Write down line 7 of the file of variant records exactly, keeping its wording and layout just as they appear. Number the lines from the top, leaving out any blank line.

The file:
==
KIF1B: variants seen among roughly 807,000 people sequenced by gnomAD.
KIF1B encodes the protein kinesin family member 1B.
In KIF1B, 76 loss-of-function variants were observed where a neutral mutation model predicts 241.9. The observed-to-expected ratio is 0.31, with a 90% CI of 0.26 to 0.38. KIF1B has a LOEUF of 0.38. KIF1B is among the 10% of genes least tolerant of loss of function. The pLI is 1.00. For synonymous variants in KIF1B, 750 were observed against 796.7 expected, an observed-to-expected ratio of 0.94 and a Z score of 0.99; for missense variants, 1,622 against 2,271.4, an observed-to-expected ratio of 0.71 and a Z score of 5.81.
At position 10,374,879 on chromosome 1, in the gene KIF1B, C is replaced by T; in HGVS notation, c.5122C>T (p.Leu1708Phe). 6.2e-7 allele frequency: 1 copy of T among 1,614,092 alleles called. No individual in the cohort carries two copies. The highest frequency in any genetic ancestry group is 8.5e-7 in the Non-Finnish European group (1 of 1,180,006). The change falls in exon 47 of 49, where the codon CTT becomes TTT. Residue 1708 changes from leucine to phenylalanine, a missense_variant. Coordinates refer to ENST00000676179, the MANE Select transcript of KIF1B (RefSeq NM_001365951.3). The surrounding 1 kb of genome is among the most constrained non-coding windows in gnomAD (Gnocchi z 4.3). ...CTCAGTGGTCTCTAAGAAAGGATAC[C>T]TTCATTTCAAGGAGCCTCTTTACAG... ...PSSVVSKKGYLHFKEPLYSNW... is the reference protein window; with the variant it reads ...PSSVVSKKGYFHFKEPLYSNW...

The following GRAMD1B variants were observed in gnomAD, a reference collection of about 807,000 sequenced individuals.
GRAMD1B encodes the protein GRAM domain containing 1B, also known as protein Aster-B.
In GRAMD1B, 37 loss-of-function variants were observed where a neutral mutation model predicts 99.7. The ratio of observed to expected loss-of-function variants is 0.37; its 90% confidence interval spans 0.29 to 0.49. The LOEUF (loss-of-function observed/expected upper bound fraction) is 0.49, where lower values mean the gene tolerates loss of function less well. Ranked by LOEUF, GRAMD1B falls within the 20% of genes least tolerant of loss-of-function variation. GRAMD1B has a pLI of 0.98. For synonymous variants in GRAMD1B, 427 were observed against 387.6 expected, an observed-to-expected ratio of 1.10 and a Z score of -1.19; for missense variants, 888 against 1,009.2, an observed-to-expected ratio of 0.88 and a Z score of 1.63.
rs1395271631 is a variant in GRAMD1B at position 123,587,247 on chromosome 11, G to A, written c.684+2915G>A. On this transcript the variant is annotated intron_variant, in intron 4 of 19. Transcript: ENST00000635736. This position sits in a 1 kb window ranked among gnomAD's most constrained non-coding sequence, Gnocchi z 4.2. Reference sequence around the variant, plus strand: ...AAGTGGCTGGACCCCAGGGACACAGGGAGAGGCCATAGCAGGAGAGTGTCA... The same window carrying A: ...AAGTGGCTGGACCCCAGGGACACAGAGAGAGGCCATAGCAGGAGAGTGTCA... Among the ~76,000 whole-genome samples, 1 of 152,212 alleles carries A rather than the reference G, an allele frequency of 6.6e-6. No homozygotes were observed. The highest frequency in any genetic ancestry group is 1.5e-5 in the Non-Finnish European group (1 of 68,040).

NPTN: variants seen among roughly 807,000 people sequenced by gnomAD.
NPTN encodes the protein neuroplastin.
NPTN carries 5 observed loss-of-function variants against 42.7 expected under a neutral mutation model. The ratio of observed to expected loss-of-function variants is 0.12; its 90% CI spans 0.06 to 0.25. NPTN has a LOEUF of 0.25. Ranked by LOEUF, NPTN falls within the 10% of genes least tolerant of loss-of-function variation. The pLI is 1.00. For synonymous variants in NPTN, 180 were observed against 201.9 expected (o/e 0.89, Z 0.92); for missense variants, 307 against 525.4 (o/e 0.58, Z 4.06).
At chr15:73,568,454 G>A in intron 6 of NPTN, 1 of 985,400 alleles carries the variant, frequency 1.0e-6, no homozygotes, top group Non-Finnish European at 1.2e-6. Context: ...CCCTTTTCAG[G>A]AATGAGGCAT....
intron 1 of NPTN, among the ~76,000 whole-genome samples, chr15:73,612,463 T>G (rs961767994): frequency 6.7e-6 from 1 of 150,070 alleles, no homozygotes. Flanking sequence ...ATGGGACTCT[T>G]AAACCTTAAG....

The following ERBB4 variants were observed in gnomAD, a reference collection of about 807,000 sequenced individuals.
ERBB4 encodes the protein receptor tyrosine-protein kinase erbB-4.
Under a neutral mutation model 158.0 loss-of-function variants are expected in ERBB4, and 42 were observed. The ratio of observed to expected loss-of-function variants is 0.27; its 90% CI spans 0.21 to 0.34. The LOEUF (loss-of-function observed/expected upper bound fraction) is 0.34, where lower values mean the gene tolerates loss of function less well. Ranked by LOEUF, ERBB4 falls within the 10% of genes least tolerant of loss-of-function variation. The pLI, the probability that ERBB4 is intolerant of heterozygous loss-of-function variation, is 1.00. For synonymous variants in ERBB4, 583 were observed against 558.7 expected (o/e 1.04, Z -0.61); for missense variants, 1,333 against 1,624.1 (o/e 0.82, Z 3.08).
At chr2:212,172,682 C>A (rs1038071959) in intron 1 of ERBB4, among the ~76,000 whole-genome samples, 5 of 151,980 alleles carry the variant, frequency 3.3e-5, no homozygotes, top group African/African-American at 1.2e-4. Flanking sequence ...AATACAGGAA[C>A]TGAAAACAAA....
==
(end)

In GRAMD1B, 37 loss-of-function variants were observed where a neutral mutation model predicts 99.7. The ratio of observed to expected loss-of-function variants is 0.37; its 90% confidence interval spans 0.29 to 0.49. The LOEUF (loss-of-function observed/expected upper bound fraction) is 0.49, where lower values mean the gene tolerates loss of function less well. Ranked by LOEUF, GRAMD1B falls within the 20% of genes least tolerant of loss-of-function variation. GRAMD1B has a pLI of 0.98. For synonymous variants in GRAMD1B, 427 were observed against 387.6 expected, an observed-to-expected ratio of 1.10 and a Z score of -1.19; for missense variants, 888 against 1,009.2, an observed-to-expected ratio of 0.88 and a Z score of 1.63.